Bodega Bay Area History

Alfred Hitchcock's film, "The Birds," brought worldwide attention to the scenic Bodega Bay and Bodega communities and subsequent interest in the unique influences that shaped their history.

Until the fall of 1775, the Miwok and Pomo Indians with a rich culture and heritage lived peacefully in the coastal mountains and valleys of what we now call Sonoma County. Their lifestyle revolved around the seasons, hunting and gathering from the land and harvesting the sea and rivers. Little changed over thousands of generations (more than 11,000 years) until the first while sails were spotted off the coast and exploration of the Pacific Coast attracted the Spanish, the Russians, English, and later the Americans.

The Bodega Bay area offered very attractive options to the white settlers. There was land for grazing, dairying, and crops; timber for lumber, fishing for food. Even though the Spanish and later the Mexican governments laid claim to all of California, Russia (through the Russian American Company) took Bodega Bay as its most southern Pacific Coast sea port from 1808 to 1841, naming it Port Rumiantsev or Rumiantsev Bay.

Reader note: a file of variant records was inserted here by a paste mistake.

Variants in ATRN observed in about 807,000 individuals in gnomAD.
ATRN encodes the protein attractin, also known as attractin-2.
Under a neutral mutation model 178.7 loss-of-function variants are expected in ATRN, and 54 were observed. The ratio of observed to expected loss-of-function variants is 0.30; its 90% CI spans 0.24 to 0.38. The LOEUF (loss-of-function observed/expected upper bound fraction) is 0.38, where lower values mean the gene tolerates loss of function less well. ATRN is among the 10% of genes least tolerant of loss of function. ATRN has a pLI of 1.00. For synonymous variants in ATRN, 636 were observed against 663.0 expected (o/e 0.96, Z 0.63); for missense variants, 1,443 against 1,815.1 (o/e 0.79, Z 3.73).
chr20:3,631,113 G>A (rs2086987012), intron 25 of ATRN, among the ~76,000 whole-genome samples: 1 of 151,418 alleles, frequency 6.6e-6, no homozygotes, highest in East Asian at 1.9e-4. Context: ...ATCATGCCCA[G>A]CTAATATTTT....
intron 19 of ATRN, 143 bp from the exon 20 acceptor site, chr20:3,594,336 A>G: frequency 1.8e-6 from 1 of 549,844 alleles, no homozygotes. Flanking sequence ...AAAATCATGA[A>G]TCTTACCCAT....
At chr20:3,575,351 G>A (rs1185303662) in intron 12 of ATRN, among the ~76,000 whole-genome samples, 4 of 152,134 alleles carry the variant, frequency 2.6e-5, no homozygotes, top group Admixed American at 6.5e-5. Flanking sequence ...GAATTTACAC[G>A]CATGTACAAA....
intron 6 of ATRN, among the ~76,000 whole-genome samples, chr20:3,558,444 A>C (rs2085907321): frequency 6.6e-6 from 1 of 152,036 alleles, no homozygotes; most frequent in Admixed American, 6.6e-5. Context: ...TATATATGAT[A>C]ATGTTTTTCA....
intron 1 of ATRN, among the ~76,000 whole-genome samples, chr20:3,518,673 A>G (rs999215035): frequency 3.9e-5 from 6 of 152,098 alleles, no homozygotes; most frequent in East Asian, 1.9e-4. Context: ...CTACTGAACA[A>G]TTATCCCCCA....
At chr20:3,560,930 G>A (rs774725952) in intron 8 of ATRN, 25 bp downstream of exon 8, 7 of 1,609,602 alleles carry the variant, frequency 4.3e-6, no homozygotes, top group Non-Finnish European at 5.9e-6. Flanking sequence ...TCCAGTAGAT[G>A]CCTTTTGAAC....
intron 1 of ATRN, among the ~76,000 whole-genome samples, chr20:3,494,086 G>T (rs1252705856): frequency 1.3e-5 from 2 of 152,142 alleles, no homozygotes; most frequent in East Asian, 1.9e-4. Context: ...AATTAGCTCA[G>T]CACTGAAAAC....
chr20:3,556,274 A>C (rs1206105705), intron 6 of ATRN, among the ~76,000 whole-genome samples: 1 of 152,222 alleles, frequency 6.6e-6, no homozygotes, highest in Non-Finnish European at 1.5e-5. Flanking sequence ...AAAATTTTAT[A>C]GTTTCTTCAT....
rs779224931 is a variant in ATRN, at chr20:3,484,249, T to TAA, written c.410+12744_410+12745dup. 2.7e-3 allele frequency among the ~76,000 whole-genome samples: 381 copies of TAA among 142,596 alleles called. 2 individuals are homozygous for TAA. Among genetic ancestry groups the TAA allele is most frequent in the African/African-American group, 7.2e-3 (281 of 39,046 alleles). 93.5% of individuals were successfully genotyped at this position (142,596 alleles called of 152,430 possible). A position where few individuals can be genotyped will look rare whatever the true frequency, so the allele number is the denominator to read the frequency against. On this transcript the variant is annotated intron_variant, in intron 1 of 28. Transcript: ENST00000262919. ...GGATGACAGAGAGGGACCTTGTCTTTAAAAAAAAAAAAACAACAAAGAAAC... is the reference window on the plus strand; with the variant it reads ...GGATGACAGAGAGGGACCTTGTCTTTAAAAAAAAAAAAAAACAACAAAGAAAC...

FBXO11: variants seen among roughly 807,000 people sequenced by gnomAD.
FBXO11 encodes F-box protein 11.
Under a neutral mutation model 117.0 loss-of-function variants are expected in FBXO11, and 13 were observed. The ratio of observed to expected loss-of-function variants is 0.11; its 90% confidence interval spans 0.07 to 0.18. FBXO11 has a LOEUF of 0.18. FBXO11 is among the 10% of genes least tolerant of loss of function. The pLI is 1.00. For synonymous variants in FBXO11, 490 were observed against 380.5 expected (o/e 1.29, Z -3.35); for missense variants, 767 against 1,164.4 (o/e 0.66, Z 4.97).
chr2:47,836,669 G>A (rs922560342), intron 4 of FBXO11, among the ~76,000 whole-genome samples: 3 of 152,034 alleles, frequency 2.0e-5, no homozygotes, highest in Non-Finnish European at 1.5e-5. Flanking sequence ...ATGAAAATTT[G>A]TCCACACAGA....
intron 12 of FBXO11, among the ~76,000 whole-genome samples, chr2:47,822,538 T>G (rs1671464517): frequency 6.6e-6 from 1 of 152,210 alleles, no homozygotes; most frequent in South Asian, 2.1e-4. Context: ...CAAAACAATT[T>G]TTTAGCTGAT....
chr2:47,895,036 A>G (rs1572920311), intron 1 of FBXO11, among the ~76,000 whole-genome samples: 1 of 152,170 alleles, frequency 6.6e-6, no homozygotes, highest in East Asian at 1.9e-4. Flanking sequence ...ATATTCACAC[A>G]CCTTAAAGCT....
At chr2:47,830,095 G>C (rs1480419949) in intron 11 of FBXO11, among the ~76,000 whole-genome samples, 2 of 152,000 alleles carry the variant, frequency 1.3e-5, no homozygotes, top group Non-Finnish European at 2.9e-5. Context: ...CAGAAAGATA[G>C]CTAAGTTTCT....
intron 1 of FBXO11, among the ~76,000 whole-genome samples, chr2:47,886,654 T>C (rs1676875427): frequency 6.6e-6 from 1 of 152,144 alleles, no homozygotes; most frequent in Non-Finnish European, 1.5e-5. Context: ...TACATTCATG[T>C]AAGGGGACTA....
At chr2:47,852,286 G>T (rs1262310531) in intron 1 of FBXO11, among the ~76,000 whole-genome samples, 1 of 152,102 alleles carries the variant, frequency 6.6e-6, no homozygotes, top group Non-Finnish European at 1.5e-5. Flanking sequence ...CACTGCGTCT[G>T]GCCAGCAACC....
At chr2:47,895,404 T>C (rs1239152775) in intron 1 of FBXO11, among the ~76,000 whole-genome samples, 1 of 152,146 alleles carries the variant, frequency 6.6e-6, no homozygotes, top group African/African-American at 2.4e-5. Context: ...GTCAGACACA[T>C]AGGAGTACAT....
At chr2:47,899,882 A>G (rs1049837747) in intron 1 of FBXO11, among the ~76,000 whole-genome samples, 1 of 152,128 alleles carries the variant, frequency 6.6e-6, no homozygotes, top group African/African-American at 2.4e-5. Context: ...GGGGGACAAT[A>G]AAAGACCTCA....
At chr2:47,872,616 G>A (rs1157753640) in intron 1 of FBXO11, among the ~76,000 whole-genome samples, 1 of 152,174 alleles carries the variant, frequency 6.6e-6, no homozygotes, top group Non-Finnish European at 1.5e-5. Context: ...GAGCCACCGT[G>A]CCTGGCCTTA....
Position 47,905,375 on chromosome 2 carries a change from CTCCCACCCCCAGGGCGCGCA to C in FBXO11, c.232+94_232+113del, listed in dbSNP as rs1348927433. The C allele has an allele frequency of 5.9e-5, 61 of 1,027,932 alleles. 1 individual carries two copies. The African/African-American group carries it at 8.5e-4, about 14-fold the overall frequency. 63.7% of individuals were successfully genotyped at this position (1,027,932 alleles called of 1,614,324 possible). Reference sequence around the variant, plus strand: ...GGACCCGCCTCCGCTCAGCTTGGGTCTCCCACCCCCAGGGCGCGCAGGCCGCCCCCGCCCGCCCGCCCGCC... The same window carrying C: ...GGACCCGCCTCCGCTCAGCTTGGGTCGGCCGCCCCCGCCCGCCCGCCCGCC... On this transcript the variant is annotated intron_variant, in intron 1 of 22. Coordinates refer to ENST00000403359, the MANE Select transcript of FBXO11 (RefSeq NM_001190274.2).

The harbor became an active shipping point for otter fur pelts and locally grown foods to Sitka, Alaska. Meanwhile, as Mexico continued to cast a watchful eye over these activities, Russia sought to make its presence more secure and defensible by building on higher ground, establishing Fort Ross in 1812. From there, they experimented with various crops as far inland as Sebastopol and undertook considerable scientific investigation in such fields as oceanography, meteorology, mineralogy, botany, zoology, and ethnography.

Also, with the help of Aleutian Indians, Russia stayed heavily involved in the fur trade and in sea otter skins. They occupied this port until 1841. After the Russians withdrew, the Mexican government became determined to exercise firmer control over the region, granting title of large tracts of land to enterprising individuals loyal to Mexico. Capt. Stephen Smith was such a man and was awarded the Rancho Bodega, after which we are named. -- Susan Teel

These and many other stories await you in the archives of the Rancho Bodega Historical Society. If you would like to make an appointment to explore the archives, please contact: Robin Rudderow, RBHS Archivist


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